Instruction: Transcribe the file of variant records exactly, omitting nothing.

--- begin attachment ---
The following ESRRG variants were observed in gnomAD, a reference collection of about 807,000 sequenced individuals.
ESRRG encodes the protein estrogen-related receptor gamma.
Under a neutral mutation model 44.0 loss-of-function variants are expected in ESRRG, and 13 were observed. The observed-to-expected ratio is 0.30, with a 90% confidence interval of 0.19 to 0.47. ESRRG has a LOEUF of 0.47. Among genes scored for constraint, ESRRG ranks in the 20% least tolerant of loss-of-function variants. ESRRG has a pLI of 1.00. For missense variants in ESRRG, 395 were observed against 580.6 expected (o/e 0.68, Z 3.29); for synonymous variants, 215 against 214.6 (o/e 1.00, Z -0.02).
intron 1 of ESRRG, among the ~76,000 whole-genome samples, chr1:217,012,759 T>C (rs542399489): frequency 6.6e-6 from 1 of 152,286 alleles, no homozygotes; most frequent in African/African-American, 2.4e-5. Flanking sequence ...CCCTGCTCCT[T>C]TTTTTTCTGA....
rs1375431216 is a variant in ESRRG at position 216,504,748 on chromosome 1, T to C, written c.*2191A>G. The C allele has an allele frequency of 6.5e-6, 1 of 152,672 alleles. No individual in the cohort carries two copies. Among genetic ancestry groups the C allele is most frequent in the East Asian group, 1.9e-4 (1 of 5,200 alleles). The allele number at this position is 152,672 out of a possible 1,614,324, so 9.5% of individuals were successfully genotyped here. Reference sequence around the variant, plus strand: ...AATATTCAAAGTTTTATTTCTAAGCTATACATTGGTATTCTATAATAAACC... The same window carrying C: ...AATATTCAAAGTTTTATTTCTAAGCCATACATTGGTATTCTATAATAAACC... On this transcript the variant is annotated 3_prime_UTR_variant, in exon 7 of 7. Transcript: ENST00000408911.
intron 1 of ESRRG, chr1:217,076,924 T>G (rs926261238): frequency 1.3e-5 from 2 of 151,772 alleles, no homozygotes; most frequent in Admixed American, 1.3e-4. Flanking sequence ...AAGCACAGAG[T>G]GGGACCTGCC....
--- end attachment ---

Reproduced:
The following ESRRG variants were observed in gnomAD, a reference collection of about 807,000 sequenced individuals.
ESRRG encodes the protein estrogen-related receptor gamma.
Under a neutral mutation model 44.0 loss-of-function variants are expected in ESRRG, and 13 were observed. The observed-to-expected ratio is 0.30, with a 90% confidence interval of 0.19 to 0.47. ESRRG has a LOEUF of 0.47. Among genes scored for constraint, ESRRG ranks in the 20% least tolerant of loss-of-function variants. ESRRG has a pLI of 1.00. For missense variants in ESRRG, 395 were observed against 580.6 expected (o/e 0.68, Z 3.29); for synonymous variants, 215 against 214.6 (o/e 1.00, Z -0.02).
intron 1 of ESRRG, among the ~76,000 whole-genome samples, chr1:217,012,759 T>C (rs542399489): frequency 6.6e-6 from 1 of 152,286 alleles, no homozygotes; most frequent in African/African-American, 2.4e-5. Flanking sequence ...CCCTGCTCCT[T>C]TTTTTTCTGA....
rs1375431216 is a variant in ESRRG at position 216,504,748 on chromosome 1, T to C, written c.*2191A>G. The C allele has an allele frequency of 6.5e-6, 1 of 152,672 alleles. No individual in the cohort carries two copies. Among genetic ancestry groups the C allele is most frequent in the East Asian group, 1.9e-4 (1 of 5,200 alleles). The allele number at this position is 152,672 out of a possible 1,614,324, so 9.5% of individuals were successfully genotyped here. Reference sequence around the variant, plus strand: ...AATATTCAAAGTTTTATTTCTAAGCTATACATTGGTATTCTATAATAAACC... The same window carrying C: ...AATATTCAAAGTTTTATTTCTAAGCCATACATTGGTATTCTATAATAAACC... On this transcript the variant is annotated 3_prime_UTR_variant, in exon 7 of 7. Transcript: ENST00000408911.
intron 1 of ESRRG, chr1:217,076,924 T>G (rs926261238): frequency 1.3e-5 from 2 of 151,772 alleles, no homozygotes; most frequent in Admixed American, 1.3e-4. Flanking sequence ...AAGCACAGAG[T>G]GGGACCTGCC....